“I crossed the conflict lines but my brother couldn’t,” said 15-year-old Omar*. “I was in the car looking back at my brother standing at the checkpoint and his figure was fading into the distance.”
The story began a year ago when Omar and his brother Khaled* applied to sit for the national exams together. They live in a village near Aleppo where all the schools have closed due to Syria’s long conflict. They stopped going to school when they were 12, because the closest school was 15 kilometres away.
Before this year’s national Grade 9 exams, the two brothers took a car with friends to Aleppo city so they could sit for the exams. Omar recalled the moment at the checkpoint, after he had been waived through but then armed men stopped his brother Khaled, despite their pleas.
Omar couldn’t imagine how he could go ahead the exams while his brother was left behind.
“It was a very difficult moment, leaving my brother behind,” he recalled. “I was very worried about how he would manage to get home safely.”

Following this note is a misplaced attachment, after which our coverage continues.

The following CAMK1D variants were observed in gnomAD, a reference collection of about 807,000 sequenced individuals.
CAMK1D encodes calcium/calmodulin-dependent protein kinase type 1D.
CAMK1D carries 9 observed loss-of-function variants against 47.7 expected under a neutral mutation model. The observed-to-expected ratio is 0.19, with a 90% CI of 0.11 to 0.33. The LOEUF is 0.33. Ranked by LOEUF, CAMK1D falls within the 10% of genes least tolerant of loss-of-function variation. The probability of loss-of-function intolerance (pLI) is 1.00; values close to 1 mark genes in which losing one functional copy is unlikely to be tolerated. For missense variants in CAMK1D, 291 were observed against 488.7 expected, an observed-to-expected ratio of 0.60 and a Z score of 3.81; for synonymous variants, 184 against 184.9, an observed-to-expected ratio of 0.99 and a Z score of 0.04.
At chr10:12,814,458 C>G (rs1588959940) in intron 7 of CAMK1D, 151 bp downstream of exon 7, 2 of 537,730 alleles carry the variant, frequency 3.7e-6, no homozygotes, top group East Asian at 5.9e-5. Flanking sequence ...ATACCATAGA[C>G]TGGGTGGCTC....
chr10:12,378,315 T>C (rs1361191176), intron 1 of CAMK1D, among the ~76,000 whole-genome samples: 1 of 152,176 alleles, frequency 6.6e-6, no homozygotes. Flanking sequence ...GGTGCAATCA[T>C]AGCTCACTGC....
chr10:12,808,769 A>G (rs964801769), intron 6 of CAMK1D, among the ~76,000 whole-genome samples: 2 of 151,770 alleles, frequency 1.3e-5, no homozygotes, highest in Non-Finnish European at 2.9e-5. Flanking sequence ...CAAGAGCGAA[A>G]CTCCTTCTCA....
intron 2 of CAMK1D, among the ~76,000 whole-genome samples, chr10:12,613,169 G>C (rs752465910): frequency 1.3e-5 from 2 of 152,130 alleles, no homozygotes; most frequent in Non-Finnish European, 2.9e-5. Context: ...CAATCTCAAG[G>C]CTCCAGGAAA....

The next day at the shelter in Aleppo, where students from inaccessible areas were staying, the students were told that boys from other villages had arrived to join them.
“I ran out of my room to see if I knew any of the boys,” Omar recounted with a smile. “When I saw my brother Khaled among the boys I burst into tears.”
At the last minute, Khaled had managed to find a way to cross the dangerous conflict lines. Khaled had travelled to Hama and then on to Aleppo on a 13-hour journey. The brothers completed all their exams and returned safely to their village together.
Since the time of this interview, the official results of the national Grade 9 exams have been announced. Both brothers passed their exams and are excited about continuing their studies.
In May and June this year, 10,530 Syrian students in Grade 9 and 12 made the difficult decision to risk crossing active lines of conflict to reach the examination centres where they sit for annual national exams. With the support from the European Union, UNICEF assisted students who came from hard-to-reach and besieged areas by providing education bursaries, safe accommodation, mattresses, soap bars and other hygiene supplies, as well as revision classes to prepare for exams.
*Names changed to protect identity.